I, on the other hand, have six long weeks of juggling children and writing, fun and deadlines, and, again with the frankly, it doesn’t get any easier, even though I’ve been playing this particular game for seven years now.
But I’ve learnt a lot along the way.
I know what you’re thinking. Why don’t I simply book them in to out-of-school care or summer camps and workshops? Two reasons – one is that I really like having them around. One of the reasons I work from home is so that I can spend time with the boys when the opportunity arises.
Secondly, I’m watching the budget. School holiday activities don’t come cheap, so it makes sense to do them yourself where you can.
Here are my top four tips for working from home in the school holidays.
Have a routine
I talk about routines a lot on this blog, as unsexy as they are, and school holiday routines are no less important. The boys and I have an agreement: we do the fun in the morning, which means heading out of the beach, going to the pool, seeing a movie, or catching up with friends. In the afternoon, I work for a few hours, while they entertain themselves, either at home, or with friends. Unless I’m interviewing or taking client calls, I’m more than happy to have other kids over here while I work, now that everyone’s old enough not to need constant supervision. So they play, and I work – mostly on things that don’t require intense concentration.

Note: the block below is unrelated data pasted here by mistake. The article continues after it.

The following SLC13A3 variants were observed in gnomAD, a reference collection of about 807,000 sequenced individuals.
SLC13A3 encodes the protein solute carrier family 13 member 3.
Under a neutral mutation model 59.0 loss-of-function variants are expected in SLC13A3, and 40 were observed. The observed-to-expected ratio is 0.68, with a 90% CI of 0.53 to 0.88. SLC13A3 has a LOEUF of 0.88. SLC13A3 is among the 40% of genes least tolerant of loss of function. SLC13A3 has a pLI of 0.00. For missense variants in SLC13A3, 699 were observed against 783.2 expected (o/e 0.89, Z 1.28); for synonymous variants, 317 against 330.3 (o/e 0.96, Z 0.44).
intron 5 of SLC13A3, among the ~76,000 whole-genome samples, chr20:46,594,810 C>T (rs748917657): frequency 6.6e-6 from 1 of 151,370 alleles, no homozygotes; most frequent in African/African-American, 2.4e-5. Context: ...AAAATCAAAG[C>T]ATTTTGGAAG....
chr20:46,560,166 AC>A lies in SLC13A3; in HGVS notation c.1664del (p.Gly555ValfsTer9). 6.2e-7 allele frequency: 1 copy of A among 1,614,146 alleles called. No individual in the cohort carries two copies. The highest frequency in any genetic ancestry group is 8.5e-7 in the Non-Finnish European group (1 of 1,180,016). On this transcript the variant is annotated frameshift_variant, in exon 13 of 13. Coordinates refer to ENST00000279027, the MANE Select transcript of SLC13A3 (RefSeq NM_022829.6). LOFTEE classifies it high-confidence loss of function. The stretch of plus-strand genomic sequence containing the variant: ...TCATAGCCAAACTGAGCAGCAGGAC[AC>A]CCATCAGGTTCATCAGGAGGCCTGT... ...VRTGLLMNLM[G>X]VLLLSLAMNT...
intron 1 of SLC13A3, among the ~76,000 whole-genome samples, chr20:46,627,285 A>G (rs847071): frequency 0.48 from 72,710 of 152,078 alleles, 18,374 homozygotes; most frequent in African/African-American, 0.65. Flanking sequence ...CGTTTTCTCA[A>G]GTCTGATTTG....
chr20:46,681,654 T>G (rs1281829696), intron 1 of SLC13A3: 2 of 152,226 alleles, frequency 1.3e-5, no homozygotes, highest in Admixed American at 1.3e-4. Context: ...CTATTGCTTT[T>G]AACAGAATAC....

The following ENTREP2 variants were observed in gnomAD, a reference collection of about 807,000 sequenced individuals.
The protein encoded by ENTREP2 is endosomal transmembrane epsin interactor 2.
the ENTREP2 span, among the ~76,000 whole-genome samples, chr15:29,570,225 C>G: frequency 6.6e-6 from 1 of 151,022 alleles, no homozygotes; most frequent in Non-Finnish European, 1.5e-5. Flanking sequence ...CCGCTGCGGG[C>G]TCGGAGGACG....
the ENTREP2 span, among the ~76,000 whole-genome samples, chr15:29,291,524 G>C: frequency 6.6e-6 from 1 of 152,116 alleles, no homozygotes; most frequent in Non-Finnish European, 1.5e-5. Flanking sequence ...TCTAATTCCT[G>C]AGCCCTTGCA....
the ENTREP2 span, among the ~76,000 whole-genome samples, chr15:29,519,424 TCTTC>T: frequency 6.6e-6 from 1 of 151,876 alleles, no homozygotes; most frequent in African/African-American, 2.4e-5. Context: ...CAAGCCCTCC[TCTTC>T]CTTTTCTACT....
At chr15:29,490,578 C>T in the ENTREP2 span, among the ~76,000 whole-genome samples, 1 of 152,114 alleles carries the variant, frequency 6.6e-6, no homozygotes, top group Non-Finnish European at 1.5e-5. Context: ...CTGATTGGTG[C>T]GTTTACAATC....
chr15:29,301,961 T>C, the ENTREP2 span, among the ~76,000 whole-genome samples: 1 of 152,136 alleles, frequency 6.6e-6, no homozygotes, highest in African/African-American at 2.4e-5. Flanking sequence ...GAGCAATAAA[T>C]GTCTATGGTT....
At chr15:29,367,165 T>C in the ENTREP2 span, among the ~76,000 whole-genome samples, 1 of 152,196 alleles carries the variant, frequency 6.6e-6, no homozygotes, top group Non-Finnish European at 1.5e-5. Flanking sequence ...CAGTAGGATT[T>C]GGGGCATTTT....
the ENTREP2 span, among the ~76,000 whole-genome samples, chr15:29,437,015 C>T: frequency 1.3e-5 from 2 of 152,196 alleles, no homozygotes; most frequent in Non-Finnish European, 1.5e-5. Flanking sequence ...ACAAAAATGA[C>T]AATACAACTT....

Note: there needs to be some flexibility in your routine. I am quite prepared for the fact that there will be entire days when I will achieve nothing more than a few phone calls and some social media work, because we are meeting friends for the day or heading out somewhere further away. I don’t beat myself up about this, but I do try to be ready for it, which means I need a few days’ notice for a ‘spontaneous’ day trip.
Be prepared to work at strange hours
I write at night in the holidays. Actually, I write at night most of the time but it’s particularly important at this time of year. If you’re not a night owl, you’ll need to do your ‘intense concentration’ at the other end of the day.
Know your limits
When the boys were first at school, I used to continue my workload at normal pace during the holidays. I realised how ridiculous this was after several very stressful weeks when I had deadlines and bored kids and just not enough hours in the day. So now I take on about half as much as I normally would. It’s really hard to say no. I get that. But for your sanity’s sake, and for the sake of your children having a few quality memories of this summer, it pays to be sensible.
Find a friend
I have a friend who lives around the corner. He’s an academic, who works from home in the school holidays. We have kids the same age and a tacit agreement in place. If he has a meeting or needs a few hours to work on his thesis, I take the kids. If I have a deadline or a meeting, he takes the kids. It’s a comfortable, easy arrangement and it has saved my bacon on more than one occasion. Seek out someone in a similar situation and do the same. One tip: be respectful of the other person’s time, and get your boundaries in place early. If you feel as though you’re the minder a lot more than the mindee, look elsewhere.
Do you work from home? What tips would you add?